18 individuals representative of an outpatient interprofessional care team participated in the study. Up to five clinicians performed simulation exercises at a time as if they were playing a video game. They controlled their own avatars and utilized Voice over IP to communicate with each other. Some were also in the same room, so they could talk to each other as they went through the scenarios. Actors played the patients within the virtual clinic room and controlled their own avatars and voice controls. Orientation was provided to all subjects before the simulations took place.
Using a design-based research approach, we were able to continually improve the simulation process, virtual environment, and scenarios based on feedback from participants during debrief. Learners provided reactions to everything from whether the sounds in the outpatient room were realistic to whether the virtual environment was easy to navigate.
A post-activity survey revealed participants were accepting of the learning method and environment. A majority also felt they met the learning objectives of office-based emergencies using virtual reality simulation. The next step will be to test this method out on a larger scale.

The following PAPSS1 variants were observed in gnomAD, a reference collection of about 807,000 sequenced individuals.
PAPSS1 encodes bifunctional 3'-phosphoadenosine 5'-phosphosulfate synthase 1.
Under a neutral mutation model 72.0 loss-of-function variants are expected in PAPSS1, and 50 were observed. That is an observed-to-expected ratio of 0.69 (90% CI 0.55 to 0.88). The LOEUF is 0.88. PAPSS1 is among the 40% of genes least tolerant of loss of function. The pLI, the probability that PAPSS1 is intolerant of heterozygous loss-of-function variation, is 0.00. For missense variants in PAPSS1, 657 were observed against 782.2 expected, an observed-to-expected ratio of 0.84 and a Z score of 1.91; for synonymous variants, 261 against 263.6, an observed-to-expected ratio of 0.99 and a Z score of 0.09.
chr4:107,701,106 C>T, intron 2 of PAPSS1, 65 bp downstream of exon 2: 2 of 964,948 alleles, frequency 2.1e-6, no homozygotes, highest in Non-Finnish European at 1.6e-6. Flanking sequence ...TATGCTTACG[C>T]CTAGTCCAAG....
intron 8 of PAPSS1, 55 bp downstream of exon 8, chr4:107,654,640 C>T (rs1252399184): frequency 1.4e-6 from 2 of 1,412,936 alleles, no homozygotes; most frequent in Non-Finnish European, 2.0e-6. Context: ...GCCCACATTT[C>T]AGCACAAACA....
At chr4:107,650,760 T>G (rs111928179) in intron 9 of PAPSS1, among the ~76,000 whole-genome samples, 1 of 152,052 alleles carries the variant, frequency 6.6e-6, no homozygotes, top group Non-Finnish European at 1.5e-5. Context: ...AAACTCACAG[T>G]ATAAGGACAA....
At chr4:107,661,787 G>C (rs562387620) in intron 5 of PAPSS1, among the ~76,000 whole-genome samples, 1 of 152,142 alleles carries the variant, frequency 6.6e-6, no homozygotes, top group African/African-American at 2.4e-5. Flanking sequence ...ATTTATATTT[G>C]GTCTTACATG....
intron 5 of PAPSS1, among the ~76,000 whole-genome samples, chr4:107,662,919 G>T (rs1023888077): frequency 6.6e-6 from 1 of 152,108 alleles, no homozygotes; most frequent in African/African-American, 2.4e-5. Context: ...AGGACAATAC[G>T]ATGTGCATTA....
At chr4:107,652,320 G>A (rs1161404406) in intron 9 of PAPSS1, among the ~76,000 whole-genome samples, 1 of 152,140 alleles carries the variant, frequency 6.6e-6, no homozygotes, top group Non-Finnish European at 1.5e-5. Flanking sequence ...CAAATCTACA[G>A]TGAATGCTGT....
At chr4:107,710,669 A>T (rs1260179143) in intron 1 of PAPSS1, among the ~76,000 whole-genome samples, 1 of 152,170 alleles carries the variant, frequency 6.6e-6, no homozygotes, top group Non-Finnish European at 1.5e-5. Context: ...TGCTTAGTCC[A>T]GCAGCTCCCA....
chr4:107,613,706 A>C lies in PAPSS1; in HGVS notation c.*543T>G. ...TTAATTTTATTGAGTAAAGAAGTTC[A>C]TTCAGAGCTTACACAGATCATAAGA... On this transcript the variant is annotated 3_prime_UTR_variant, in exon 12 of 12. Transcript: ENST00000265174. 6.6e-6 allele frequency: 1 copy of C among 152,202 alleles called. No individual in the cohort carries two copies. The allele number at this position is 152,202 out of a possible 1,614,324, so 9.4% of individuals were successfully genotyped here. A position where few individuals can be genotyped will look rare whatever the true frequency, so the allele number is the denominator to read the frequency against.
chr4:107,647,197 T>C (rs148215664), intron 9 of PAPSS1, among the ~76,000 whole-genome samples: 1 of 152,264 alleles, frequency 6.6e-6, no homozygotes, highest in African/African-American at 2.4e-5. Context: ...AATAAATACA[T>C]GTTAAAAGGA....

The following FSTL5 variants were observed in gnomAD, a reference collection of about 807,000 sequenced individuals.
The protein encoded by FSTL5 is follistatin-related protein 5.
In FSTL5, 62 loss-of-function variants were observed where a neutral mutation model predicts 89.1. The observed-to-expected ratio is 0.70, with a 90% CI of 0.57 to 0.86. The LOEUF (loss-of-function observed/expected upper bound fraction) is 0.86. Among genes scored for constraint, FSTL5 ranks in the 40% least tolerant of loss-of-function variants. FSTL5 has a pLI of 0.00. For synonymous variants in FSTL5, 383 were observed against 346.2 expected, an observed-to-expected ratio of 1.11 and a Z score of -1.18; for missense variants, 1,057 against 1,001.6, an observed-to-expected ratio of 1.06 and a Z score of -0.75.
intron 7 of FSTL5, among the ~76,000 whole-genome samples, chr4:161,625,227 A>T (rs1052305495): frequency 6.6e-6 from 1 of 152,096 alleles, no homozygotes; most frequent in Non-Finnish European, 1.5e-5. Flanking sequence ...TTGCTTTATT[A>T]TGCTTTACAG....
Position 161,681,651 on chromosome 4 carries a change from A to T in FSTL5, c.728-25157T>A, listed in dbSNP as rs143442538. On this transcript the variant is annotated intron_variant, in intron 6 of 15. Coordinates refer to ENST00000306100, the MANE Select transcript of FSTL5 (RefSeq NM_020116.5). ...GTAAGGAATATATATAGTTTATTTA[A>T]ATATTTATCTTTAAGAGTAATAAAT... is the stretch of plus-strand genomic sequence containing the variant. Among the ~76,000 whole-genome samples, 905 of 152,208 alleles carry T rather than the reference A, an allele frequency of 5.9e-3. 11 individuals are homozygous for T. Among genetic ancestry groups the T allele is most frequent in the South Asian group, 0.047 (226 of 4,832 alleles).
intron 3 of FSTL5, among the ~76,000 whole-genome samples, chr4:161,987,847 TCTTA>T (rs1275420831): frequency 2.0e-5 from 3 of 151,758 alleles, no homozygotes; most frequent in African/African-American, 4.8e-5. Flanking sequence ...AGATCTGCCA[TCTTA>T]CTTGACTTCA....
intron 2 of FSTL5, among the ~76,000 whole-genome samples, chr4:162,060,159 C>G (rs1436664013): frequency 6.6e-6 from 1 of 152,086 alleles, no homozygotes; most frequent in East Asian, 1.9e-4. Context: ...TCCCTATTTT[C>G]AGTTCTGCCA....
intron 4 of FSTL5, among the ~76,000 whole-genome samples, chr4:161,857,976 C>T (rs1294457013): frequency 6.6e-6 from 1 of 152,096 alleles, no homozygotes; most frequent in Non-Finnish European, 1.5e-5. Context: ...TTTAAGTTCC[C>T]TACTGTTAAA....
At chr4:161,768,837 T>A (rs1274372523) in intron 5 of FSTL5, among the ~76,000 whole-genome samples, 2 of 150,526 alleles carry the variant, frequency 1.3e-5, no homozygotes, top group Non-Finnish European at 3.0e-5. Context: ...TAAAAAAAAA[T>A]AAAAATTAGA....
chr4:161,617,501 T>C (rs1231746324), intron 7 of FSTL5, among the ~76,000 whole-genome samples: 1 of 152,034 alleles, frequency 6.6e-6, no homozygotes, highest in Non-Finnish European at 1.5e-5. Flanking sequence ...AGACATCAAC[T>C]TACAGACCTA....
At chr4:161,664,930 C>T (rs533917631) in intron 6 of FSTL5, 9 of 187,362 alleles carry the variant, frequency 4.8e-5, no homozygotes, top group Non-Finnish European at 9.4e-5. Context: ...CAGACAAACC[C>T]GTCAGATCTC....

The Future of Simulation
A major advantage of using a virtual world for medical simulation is that the cost of distributing content to a wide audience is very low. However, there are upfront costs associated with creating the curriculum and medical environment. In many cases, educators would likely prefer a pre-made virtual environment they could write cases for. There aren’t many faculty members with the time or resources to build an interface from the ground up as our research team did.
However, there are an increasing number of technology companies developing more opportunities for virtual reality-based simulation. I envision that students in healthcare will eventually be able to wear a 3D viewing apparatus to fully immerse themselves in a virtual space that allows them to practice procedures or interact with patients.
At this point, I think we are still at an early stage. I imagine the things we are unable to simulate today, we’ll be able to simulate easily in the next five to ten years.